iMovie for iPhone 4 looks quite stunning! It's was only a few years ago when the ability to edit 720p video with live previewing was only available on Macs with the very latest video cards, but on 24th June 2010 that lofty ability will be available to all iPhone 4 owners. How crazy is that?!

We are fully supportive of ability to edit your HD video on the iPhone itself, but we would love to see Apple bring their best of class video editing app to the iPad. The larger, higher resolution screen would make for a more relaxed editing and viewing experience. It would be a real shame if the iPad missed out on what looks to be a classic version of Apple's classic video editing app.

As an aside, we would like to point out that Nokia have been offering movie editing features on their high-end smartphones since the Nokia N93 way back in 2006, but for some reason they axed this feature. 2010 sees the return of video editing with the rather marvellous Nokia N8. Summer 2010 is going to be very interesting indeed for amateur video producers - we can't wait!

iPhone 4. The shape of things to come?

Any new device that runs iOS 4 is worth discussion here at iPad Creative. Though I certainly don't hold the view that the iPad is 'nothing more than a big iPhone', there are certainly overlaps in the design, both hardware and software. With that in mind what can the newly announced iPhone 4 tell us about the future of the iPad.

Retina Display

One of the biggest features, if not the biggest, is the new iPhone display, Apple call it the Retina Display. The idea is that the pixel density — a staggering 326ppi — is so great that the human retina cannot resolve the pixels at normal viewing distance. Some have rightful disputed Apple's claim, but in reality most people will never see the pixels due to having slightly lower than 20/20 vision, or simply because the screen will be covered in finger smudges the minute it's unboxed.

Will the iPad get a Retina Display anytime soon? No. For Apple to fit the iPad with an IPS display that equals the pixel density of the iPhone 4 would mean packing it with at least 2445 pixels across its length. What I believe is far more likely is that Apple will double the current resolution to 2048 x 1526 (or there abouts) at some point within the next 18 months. This will bring the pixel density up much closer to that of the Retina Display but not across the 300ppi threshold necessary for Apple to label it as a Retina Display.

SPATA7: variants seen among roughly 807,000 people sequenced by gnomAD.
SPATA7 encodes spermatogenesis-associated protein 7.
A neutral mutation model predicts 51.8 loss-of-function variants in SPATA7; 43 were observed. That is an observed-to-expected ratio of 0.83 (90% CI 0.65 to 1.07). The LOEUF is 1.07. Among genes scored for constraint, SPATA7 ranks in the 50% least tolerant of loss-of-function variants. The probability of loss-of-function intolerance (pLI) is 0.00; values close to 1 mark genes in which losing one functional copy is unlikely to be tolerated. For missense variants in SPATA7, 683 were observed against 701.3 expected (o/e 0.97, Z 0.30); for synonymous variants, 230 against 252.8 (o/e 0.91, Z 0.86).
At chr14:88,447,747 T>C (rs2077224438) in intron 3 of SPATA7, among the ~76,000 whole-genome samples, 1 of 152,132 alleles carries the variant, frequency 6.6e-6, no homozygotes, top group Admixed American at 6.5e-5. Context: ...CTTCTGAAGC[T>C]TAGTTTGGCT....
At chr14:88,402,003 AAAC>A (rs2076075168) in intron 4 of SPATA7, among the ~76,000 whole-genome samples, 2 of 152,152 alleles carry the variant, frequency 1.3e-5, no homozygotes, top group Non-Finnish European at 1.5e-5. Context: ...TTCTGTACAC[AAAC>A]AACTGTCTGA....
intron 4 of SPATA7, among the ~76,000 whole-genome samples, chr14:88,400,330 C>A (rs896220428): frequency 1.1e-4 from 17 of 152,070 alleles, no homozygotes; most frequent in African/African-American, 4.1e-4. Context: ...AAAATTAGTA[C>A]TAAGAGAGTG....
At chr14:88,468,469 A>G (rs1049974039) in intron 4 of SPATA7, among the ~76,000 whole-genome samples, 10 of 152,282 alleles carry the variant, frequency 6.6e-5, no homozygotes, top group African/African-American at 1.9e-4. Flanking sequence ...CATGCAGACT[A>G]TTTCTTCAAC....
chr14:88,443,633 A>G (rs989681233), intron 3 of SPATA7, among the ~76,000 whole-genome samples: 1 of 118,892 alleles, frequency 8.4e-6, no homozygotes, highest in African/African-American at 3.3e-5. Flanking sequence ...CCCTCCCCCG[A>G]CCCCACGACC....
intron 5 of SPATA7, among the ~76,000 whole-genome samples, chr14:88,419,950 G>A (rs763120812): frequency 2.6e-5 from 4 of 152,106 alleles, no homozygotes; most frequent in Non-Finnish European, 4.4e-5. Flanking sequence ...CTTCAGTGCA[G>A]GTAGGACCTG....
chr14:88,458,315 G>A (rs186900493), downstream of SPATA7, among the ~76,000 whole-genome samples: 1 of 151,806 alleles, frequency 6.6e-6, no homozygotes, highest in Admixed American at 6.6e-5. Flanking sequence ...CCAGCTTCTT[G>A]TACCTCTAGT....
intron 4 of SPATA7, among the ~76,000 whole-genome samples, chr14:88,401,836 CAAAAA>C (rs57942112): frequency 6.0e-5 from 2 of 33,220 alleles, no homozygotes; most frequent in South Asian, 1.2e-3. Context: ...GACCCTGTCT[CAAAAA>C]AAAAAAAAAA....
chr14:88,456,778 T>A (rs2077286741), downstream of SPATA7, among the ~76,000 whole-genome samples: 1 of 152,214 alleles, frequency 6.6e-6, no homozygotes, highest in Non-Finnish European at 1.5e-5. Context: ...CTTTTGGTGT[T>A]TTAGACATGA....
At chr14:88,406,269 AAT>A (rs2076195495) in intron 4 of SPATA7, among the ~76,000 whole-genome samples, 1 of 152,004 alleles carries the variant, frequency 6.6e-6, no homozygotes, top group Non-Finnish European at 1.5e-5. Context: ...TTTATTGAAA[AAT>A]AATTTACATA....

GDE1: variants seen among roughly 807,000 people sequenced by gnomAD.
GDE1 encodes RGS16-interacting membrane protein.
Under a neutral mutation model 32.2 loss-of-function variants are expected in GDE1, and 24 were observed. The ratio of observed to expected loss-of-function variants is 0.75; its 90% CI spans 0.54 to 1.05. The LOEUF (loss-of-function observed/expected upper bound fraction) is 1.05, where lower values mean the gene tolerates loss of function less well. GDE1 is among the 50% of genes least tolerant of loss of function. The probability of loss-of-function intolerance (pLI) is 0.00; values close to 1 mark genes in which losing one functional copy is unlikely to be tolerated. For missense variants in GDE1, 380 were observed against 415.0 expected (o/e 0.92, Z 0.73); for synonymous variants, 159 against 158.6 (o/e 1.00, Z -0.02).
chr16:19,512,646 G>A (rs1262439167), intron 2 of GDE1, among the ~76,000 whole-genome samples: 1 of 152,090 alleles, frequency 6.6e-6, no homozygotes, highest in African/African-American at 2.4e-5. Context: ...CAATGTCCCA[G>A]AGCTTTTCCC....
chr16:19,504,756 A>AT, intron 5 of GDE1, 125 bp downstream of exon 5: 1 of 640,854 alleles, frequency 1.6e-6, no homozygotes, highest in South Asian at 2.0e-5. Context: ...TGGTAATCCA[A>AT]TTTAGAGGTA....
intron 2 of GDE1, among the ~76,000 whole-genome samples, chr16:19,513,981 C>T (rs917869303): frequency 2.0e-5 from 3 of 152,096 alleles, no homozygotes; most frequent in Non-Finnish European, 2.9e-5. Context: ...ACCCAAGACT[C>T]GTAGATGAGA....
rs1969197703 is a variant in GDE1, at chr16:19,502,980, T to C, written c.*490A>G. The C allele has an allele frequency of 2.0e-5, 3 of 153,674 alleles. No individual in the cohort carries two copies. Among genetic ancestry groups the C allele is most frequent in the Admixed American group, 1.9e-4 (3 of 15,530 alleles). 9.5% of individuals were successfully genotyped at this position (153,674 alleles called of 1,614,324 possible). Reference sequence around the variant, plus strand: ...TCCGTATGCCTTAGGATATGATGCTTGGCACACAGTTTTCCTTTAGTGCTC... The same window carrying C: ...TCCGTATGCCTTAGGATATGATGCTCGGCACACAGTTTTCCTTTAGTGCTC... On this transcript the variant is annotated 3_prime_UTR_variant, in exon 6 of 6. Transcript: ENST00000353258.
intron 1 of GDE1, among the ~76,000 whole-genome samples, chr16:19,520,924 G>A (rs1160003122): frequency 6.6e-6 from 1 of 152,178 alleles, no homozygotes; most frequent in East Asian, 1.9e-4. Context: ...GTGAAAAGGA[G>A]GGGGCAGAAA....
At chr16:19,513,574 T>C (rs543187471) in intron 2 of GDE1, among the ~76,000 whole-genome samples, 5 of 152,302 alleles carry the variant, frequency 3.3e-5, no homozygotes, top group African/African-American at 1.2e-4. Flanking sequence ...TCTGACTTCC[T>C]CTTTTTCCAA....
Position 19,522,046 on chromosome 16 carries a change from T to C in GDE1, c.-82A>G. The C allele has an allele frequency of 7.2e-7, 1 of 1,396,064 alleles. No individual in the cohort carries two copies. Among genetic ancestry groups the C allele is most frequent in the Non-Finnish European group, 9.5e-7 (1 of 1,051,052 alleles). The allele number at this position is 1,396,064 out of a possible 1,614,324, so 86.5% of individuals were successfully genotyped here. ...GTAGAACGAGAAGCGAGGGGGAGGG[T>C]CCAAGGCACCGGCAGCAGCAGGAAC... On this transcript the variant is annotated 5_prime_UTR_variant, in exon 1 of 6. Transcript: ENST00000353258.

Glass front and back

Personally I don't think the iPad will have the glass sandwich treatment anytime soon, the rigidity of the unibody design is perfect for the larger body of the iPad.

The new camera with HD video capture

I'm not saying that the iPad with never be equipped with a camera that has the same spec as the new iPhone 4 module, but it's probably 5 years away at least. There really isn't much point, the iPad isn't a pocket device. However…


Now here is a camera that would be totally at home in the iPad. The VGA front facing camera used by FaceTime, Apple's new video conferencing app, will most likely make it into the very next iteration of the iPad as will FaceTime. I actually think that FaceTime started out life as an iPad app but got pushing down to the iPhone 4 early because of time constraints whilst pushing for the January announcement.


The addition of a gyroscope to the iPhone sensor array can only be a good thing. What this will mean for new iOS 4 apps can only really be hinted at right now. It will certainly make some interesting games, but also for a much more accurate sat nav solution. Look for a gyroscope in the next version of the iPad.

What do you make of the new iPhone 4, could you see yourself upgrading in a couple of weeks time? I'd love to hear from you in a comment below.

James Burland